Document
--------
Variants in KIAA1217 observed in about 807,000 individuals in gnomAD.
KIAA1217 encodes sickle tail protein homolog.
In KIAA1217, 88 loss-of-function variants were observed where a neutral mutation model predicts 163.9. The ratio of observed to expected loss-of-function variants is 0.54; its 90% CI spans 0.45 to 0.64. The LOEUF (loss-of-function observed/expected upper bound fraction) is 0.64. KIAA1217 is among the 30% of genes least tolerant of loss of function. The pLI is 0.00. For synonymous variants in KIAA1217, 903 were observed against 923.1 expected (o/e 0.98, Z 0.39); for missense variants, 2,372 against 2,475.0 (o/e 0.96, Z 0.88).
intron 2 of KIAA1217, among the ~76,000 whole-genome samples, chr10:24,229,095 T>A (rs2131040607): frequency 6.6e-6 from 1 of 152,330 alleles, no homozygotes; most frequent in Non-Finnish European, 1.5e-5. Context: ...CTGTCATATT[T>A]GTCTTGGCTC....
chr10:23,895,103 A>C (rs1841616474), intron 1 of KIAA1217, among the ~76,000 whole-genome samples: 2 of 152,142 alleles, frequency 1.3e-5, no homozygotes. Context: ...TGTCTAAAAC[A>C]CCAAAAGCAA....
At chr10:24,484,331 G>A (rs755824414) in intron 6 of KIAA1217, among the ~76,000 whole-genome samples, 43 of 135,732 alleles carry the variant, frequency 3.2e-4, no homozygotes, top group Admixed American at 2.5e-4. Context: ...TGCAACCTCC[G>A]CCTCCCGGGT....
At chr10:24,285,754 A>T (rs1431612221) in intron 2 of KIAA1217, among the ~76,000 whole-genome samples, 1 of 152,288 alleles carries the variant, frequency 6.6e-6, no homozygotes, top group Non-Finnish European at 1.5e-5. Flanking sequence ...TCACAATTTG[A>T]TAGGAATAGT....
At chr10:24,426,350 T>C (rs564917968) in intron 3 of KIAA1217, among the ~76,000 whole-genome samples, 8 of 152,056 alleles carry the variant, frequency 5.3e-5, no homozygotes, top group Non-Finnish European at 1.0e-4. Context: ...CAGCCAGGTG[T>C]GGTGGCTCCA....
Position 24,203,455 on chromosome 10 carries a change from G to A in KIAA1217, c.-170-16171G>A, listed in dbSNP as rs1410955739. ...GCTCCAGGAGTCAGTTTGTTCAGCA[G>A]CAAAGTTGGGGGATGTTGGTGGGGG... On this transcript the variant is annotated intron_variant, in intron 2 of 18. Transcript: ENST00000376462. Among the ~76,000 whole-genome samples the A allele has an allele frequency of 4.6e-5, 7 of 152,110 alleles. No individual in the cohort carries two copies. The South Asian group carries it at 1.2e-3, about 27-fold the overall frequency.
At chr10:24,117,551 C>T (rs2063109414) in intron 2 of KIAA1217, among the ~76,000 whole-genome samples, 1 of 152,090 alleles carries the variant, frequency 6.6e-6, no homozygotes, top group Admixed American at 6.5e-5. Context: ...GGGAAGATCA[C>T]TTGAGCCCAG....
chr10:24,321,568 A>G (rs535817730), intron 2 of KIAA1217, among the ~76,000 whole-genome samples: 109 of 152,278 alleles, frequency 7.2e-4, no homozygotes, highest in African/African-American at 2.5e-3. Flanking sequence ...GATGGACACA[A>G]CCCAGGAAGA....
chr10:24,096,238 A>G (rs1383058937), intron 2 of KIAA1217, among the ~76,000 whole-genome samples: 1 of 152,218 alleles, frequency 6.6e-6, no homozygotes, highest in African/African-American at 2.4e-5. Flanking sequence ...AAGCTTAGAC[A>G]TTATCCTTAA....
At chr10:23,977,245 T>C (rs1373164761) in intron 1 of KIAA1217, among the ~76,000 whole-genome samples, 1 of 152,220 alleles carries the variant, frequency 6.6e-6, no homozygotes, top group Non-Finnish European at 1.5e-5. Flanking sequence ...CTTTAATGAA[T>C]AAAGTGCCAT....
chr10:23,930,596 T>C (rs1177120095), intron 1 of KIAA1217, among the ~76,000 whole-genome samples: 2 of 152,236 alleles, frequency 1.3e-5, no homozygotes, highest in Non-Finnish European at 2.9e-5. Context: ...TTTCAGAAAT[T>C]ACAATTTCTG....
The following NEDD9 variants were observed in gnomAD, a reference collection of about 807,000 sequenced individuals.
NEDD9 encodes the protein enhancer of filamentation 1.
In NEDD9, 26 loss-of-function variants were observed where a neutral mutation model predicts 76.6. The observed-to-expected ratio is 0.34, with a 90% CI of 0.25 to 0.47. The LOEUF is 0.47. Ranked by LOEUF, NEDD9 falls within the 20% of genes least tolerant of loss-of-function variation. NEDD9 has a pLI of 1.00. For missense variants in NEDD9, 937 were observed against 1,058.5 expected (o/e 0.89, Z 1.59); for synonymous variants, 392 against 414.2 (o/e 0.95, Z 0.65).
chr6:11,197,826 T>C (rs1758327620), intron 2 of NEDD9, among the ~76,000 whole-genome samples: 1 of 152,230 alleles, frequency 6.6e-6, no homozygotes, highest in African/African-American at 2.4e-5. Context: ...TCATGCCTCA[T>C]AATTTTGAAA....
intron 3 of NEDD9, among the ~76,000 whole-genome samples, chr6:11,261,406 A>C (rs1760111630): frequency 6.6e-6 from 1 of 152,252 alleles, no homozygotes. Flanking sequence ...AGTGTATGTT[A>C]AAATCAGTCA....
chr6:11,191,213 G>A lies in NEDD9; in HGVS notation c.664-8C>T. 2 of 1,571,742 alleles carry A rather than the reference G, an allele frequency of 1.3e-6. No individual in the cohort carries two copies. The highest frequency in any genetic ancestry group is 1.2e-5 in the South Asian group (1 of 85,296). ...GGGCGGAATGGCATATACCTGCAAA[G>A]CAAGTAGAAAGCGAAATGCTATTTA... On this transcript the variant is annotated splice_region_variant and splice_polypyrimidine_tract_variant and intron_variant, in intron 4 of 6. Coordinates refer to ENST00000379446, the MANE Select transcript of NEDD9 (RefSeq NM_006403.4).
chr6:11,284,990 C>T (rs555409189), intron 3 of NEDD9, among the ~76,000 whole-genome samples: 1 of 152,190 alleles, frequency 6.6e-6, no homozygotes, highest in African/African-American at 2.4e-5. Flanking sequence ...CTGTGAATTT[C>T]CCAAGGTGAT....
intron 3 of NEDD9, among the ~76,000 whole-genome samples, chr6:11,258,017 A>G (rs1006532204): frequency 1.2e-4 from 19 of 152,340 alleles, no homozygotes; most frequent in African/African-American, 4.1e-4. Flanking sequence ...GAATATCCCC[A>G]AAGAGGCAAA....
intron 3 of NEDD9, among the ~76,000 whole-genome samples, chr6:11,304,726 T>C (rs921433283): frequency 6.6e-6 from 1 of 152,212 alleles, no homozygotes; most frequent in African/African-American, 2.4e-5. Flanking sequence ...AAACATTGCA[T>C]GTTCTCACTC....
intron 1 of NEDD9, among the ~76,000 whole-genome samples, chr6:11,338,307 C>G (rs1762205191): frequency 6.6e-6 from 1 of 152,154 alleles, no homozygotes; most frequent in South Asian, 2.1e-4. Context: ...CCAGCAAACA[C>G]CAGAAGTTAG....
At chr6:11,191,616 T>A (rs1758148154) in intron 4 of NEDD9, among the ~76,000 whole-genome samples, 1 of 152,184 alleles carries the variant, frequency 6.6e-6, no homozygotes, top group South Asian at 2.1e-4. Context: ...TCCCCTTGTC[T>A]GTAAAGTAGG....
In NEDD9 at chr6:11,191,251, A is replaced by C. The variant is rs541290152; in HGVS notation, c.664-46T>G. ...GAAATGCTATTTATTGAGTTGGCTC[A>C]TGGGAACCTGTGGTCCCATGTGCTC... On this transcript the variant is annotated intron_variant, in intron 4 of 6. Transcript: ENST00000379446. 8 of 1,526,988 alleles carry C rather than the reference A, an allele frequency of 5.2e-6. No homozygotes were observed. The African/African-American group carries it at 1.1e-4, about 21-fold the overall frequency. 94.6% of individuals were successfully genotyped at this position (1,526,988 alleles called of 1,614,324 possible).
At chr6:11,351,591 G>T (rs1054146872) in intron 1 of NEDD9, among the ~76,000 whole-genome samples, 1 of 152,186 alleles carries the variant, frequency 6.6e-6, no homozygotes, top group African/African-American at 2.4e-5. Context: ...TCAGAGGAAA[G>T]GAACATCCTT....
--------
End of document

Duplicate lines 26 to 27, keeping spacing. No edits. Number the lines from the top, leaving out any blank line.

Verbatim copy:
In NEDD9 at chr6:11,191,251, A is replaced by C. The variant is rs541290152; in HGVS notation, c.664-46T>G. ...GAAATGCTATTTATTGAGTTGGCTC[A>C]TGGGAACCTGTGGTCCCATGTGCTC... On this transcript the variant is annotated intron_variant, in intron 4 of 6. Transcript: ENST00000379446. 8 of 1,526,988 alleles carry C rather than the reference A, an allele frequency of 5.2e-6. No homozygotes were observed. The African/African-American group carries it at 1.1e-4, about 21-fold the overall frequency. 94.6% of individuals were successfully genotyped at this position (1,526,988 alleles called of 1,614,324 possible).
At chr6:11,351,591 G>T (rs1054146872) in intron 1 of NEDD9, among the ~76,000 whole-genome samples, 1 of 152,186 alleles carries the variant, frequency 6.6e-6, no homozygotes, top group African/African-American at 2.4e-5. Context: ...TCAGAGGAAA[G>T]GAACATCCTT....